A Most Surprising Year

istock-502163188-emojis-cropMike Berry takes stock of the unexpected events of 2016.

Who, staring at the clock as it clicked past midnight on 31st December 2015, would have foreseen all that would occur in the coming year? Looking backward from New Year’s Eve a year later, who would not have been gob smacked by all that did occur? 2016 will stand out in our memories as a year of popular uprising against ‘the elites’, variously cast as politicians, business leaders, professionals, academics, pundits and anyone thought to do well out of a system that was demonstrably failing most people. Populism acquired a Guernsey. Popular anger, poorly focused sought an outlet, any outlet. Finally, it dawned on people in the Western democracies that their leaders didn’t know what they were doing – or more ominously, they did and had to be stopped. Everywhere people were throwing open their windows and shouting – “ I’m mad as hell and I’m not going to take it anymore”.

The standout events that cast 2016 as a running performance of Shakespeare’s Twelfth Night were Brexit and the election of Donald Trump to the US Presidency. Both these outcomes were confidently pronounced as impossible, before they occurred. Both cases blind-sided the experts. Just as Queen Elizabeth asked leading economists why didn’t anyone see the global financial crisis coming in 2008, politicians and political commentators missed the rumbling of the avalanche that swept many of them away, destroying the triumph of David Cameron’s second term in Britain and Hilary Clinton’s long plotted aim of becoming America’s first women president.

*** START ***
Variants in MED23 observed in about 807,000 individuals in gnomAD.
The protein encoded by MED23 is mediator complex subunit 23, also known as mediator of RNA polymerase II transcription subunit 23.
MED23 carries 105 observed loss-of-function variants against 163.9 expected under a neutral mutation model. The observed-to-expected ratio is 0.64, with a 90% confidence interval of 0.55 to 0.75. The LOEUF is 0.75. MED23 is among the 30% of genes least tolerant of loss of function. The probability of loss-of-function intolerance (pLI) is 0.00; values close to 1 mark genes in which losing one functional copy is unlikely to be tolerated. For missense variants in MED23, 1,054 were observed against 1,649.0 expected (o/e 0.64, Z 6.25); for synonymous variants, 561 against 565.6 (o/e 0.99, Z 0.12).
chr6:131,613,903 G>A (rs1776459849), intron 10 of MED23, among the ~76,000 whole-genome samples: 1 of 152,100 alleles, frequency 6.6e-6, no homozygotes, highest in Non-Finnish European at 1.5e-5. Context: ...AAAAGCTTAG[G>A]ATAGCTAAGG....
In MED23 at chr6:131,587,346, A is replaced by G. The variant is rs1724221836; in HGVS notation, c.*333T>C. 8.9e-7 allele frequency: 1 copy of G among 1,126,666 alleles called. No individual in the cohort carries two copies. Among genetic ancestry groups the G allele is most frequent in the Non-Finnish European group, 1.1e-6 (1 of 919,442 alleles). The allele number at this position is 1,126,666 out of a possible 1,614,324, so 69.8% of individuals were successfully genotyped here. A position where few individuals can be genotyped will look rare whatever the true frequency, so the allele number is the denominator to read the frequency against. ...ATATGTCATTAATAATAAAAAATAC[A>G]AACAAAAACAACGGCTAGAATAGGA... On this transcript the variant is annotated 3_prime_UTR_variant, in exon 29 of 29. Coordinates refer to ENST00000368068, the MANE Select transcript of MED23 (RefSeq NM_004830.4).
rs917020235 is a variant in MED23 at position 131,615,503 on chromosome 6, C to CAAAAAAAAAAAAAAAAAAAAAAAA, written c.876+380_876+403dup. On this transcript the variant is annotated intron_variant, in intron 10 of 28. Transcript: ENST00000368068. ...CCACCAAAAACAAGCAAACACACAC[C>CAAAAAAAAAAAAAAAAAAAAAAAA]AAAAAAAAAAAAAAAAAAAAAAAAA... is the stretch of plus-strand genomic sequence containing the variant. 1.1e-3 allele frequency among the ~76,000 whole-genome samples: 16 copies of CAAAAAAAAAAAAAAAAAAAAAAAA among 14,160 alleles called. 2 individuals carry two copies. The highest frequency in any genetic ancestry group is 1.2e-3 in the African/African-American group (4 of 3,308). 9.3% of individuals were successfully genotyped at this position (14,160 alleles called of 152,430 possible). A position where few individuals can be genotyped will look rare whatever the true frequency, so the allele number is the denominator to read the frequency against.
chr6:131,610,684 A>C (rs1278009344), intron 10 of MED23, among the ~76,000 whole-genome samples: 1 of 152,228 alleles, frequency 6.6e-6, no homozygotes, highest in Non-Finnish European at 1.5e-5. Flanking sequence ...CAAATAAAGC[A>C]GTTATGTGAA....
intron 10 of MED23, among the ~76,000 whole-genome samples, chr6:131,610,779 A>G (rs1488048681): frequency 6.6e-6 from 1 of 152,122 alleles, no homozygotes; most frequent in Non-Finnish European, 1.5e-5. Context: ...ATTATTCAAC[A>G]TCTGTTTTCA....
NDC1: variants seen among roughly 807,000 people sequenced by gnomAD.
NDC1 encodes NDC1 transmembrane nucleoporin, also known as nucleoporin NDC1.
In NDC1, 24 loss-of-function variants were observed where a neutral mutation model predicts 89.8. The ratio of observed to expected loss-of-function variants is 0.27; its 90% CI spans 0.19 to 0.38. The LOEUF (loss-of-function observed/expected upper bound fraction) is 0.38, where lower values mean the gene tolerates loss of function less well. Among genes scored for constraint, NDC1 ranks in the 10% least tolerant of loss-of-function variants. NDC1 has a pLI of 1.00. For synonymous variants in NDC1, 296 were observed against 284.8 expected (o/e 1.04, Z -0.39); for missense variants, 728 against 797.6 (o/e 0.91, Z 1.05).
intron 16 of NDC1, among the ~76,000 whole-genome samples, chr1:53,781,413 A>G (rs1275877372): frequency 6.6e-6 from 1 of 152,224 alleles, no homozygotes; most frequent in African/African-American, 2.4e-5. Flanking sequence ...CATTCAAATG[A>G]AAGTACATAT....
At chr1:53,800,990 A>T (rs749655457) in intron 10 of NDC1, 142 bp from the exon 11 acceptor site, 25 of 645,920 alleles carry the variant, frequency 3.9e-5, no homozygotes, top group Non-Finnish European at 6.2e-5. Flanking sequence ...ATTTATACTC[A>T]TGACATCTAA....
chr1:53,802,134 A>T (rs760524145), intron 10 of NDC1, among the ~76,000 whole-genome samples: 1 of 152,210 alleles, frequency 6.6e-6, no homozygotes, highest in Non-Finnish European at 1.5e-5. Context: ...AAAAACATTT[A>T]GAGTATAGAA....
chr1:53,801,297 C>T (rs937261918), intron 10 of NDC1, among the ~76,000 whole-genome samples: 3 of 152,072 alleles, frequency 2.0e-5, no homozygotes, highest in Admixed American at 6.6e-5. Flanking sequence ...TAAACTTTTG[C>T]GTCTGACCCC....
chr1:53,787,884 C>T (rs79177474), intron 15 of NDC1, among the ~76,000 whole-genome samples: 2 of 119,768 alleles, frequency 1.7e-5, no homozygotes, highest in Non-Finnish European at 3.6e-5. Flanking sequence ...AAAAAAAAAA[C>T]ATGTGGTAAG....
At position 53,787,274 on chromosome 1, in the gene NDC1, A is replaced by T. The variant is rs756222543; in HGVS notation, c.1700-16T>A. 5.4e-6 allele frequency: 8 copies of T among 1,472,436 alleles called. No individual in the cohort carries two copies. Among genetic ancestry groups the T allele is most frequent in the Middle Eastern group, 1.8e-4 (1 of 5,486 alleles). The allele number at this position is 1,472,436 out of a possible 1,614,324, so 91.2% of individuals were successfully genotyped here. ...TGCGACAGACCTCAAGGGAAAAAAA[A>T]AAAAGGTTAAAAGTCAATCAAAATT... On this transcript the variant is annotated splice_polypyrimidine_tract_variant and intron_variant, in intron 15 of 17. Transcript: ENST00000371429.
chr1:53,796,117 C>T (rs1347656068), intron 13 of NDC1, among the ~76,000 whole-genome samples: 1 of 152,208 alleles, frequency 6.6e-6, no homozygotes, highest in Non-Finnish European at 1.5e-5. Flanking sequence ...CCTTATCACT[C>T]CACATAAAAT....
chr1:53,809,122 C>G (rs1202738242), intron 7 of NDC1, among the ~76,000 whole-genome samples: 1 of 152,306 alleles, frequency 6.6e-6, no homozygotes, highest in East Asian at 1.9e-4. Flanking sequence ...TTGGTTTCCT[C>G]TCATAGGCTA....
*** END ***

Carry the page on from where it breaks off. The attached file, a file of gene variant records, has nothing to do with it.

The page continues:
2016 was a year when geography raised its head politically. Brexit was carried by disenchanted and socially excluded voters living in the middle and north of England, where unemployment, social disadvantage and distant memories of better times made people susceptible to the snake oil of right wing nationalist rhetoric. Similarly, across the Atlantic, the increasingly miserable plight of the bottom 90 per cent of the population – middle class, working class, the petty bourgeoisie and underclass – found in Trump a bully who they hoped would use the bully pulpit of the Presidency to wrest power back from the elites in order to ease their pain. It was the loss of the North-Eastern states of Wisconsin, Ohio, Michigan and Pennsylvania that pushed Trump across the line in spite of Clinton winning the popular vote nationally. Of course, in both cases popular hopes will be dashed. Snake oil doesn’t work and once a huckster, always a huckster. People aren’t stupid. They know it’s a long shot. But a long shot is better than no shot at all. The forces of reaction will regroup and reassert control, as in the aftermath of countless popular revolts of the past. However, at least, in the here and now life can be made a little unpleasant for their masters. Revenge may not solve the long term, embedded evils of contemporary capitalist societies – but it does feel good at the time.

Britannia is more likely to disintegrate than rule the waves again